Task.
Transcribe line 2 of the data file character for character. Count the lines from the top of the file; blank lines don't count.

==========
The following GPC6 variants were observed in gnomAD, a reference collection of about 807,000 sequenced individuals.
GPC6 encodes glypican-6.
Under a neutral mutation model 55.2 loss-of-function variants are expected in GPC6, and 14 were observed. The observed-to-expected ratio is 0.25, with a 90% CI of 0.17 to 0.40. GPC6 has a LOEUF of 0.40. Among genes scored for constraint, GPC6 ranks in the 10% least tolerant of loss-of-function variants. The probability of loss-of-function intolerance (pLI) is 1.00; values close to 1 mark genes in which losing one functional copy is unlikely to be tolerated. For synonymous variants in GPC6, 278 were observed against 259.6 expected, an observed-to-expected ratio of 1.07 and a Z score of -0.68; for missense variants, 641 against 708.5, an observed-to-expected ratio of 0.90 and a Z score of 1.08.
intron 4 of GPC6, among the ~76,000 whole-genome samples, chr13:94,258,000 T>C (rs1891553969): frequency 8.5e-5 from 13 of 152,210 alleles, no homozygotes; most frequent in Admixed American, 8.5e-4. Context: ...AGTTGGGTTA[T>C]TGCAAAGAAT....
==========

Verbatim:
GPC6 encodes glypican-6.